Editor’s Notebook: Learning by Definition

Learning by Definition

Editor, susan.psqh@gmail.com

Careful use of terminology is essential in patient safety literature. Lucian Leape (1994) takes great care to define terms in his foundational article, “Error in Medicine.” Using the construct originated by James Reason, he defines error as “an unintended act (either of omission or commission) or one that does not achieve its intended outcome” (p. 1851). He then distinguishes among different kinds of errors: slips and mistakes of various kinds, as well as latent and active errors. That may sound fussy, especially to those who are new to the study of human error, but the distinctions are important. At the time, Leape’s audience was not familiar with these concepts, which were developed through the study of cognitive psychology and human factors engineering. Understanding the dynamics behind human error is a crucial first step in safety improvement, one that requires learning new terminology.

In September 2014, coincidentally concurrent meetings—one in Oxford, England; one in Atlanta—discussed new terminologies related to overdiagnosis and diagnostic error. The meeting in Oxford was titled “Preventing Overdiagnosis: Winding back the harms of too much medicine” (http://www.preventingoverdiagnosis.net). This was the second annual meeting sponsored by organizations including The Dartmouth Institute, BMJ, and Consumer Reports. Most sessions focused on research, but one, “Nailing the definition of overdiagnosis,” indicates that they continue to work on terminology even as they work on solving the problem.

The 7th annual Diagnostic Error in Medicine (DEM) conference, held in Atlanta, was sponsored by the Society to Improve Diagnosis in Medicine (SIDM; www.improvediagnosis.org) with support from the Agency for Healthcare Research and Quality. Defining diagnostic error has been on the agenda for at least the past three conferences (which I have attended). While at times the discussion is quite academic, it’s important to discuss and use appropriate definitions and terminologies that lead us to providing the safest care.

This year, DEM considered whether overdiagnosis is a form of diagnostic error, which is most often defined using the definition of SIDM President Mark Graber as a diagnosis that was missed, delayed or wrong. Overdiagnosis is often the result of over-screening, such as in prostate and breast cancers, and might lead to overtreatment, especially if the condition would never have led to harm. Discussion will no doubt continue.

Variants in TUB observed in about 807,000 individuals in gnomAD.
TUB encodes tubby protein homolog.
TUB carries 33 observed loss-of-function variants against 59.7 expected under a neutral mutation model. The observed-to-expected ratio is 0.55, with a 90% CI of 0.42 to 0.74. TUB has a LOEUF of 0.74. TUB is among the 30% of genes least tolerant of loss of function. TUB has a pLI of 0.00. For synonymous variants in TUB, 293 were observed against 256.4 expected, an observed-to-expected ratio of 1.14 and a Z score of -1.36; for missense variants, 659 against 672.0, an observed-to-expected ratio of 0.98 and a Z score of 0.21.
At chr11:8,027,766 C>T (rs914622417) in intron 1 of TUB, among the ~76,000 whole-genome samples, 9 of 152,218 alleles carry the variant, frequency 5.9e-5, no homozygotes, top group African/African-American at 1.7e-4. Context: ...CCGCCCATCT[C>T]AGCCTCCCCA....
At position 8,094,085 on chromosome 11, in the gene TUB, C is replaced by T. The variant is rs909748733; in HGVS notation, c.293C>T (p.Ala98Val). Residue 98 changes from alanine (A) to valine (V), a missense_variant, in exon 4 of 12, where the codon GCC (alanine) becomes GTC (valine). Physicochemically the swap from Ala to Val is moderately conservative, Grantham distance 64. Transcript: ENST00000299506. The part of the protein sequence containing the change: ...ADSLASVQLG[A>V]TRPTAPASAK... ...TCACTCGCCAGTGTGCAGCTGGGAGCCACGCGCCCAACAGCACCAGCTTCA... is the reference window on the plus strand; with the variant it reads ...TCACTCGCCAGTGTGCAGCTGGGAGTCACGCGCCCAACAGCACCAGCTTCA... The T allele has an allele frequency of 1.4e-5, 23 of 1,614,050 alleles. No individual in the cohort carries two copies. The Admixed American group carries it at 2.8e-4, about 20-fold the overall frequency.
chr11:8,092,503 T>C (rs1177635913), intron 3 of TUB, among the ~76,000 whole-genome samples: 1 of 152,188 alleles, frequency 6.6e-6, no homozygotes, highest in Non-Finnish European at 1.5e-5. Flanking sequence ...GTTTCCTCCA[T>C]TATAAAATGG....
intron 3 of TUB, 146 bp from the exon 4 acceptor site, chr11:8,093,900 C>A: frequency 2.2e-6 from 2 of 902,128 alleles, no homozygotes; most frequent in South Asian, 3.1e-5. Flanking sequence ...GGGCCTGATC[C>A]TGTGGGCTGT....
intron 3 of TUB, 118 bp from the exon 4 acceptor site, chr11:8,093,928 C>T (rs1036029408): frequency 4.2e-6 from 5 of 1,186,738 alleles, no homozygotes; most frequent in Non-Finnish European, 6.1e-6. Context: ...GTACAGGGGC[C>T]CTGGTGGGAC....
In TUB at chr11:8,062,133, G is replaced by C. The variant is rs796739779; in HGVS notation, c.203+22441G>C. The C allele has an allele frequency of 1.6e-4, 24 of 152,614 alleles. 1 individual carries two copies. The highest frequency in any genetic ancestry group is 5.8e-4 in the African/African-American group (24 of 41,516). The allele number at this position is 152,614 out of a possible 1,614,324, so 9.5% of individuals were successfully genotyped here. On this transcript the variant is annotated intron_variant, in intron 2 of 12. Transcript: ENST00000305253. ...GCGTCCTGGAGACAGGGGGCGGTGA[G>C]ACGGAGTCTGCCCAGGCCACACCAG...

Hardeep Singh also talked about issues of terminology as he introduced a DEM panel discussion about error measurement. The science of diagnostic error prevention is relatively new; reaching consensus about how to define different kinds of errors is important. Singh observed, “We cannot measure what we cannot define.” Improving patient care through rigorous research and error measurement depends upon accepted, clear definitions, especially when current national conversations expect a higher degree of transparency and accountability in healthcare.

Making sure that measurement and, therefore, our definitions account for real-world clinical practice is among the challenges Singh and others discussed at DEM. Diagnosis often evolves in a complex and dynamic real-world setting, and some of its attributes are difficult but not impossible to capture. As was true when Leape parsed definitions of different kinds of medical errors in the 1990s, current discussions about how to define diagnostic error will no doubt lead to improving our understanding of key systems and thought processes on which our lives depend.



Leape, L. (1994). Error in medicine. JAMA, 272(23), 1851–1857.